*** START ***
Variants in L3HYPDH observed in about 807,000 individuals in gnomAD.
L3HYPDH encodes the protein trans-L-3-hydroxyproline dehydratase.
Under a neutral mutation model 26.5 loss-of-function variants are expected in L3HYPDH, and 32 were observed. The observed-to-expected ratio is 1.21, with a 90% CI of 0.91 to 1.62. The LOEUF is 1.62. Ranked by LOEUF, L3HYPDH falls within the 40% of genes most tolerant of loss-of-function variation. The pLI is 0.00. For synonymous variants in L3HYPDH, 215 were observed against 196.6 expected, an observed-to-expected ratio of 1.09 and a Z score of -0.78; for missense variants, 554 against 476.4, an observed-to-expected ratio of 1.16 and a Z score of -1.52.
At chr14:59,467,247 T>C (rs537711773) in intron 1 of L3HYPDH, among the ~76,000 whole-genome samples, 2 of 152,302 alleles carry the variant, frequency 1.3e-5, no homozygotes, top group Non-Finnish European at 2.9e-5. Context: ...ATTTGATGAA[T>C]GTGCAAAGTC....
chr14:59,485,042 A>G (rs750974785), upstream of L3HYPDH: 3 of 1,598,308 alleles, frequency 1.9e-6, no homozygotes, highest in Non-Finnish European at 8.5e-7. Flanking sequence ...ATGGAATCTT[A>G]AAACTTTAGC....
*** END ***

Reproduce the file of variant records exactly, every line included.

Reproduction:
Variants in L3HYPDH observed in about 807,000 individuals in gnomAD.
L3HYPDH encodes the protein trans-L-3-hydroxyproline dehydratase.
Under a neutral mutation model 26.5 loss-of-function variants are expected in L3HYPDH, and 32 were observed. The observed-to-expected ratio is 1.21, with a 90% CI of 0.91 to 1.62. The LOEUF is 1.62. Ranked by LOEUF, L3HYPDH falls within the 40% of genes most tolerant of loss-of-function variation. The pLI is 0.00. For synonymous variants in L3HYPDH, 215 were observed against 196.6 expected, an observed-to-expected ratio of 1.09 and a Z score of -0.78; for missense variants, 554 against 476.4, an observed-to-expected ratio of 1.16 and a Z score of -1.52.
At chr14:59,467,247 T>C (rs537711773) in intron 1 of L3HYPDH, among the ~76,000 whole-genome samples, 2 of 152,302 alleles carry the variant, frequency 1.3e-5, no homozygotes, top group Non-Finnish European at 2.9e-5. Context: ...ATTTGATGAA[T>C]GTGCAAAGTC....
chr14:59,485,042 A>G (rs750974785), upstream of L3HYPDH: 3 of 1,598,308 alleles, frequency 1.9e-6, no homozygotes, highest in Non-Finnish European at 8.5e-7. Flanking sequence ...ATGGAATCTT[A>G]AAACTTTAGC....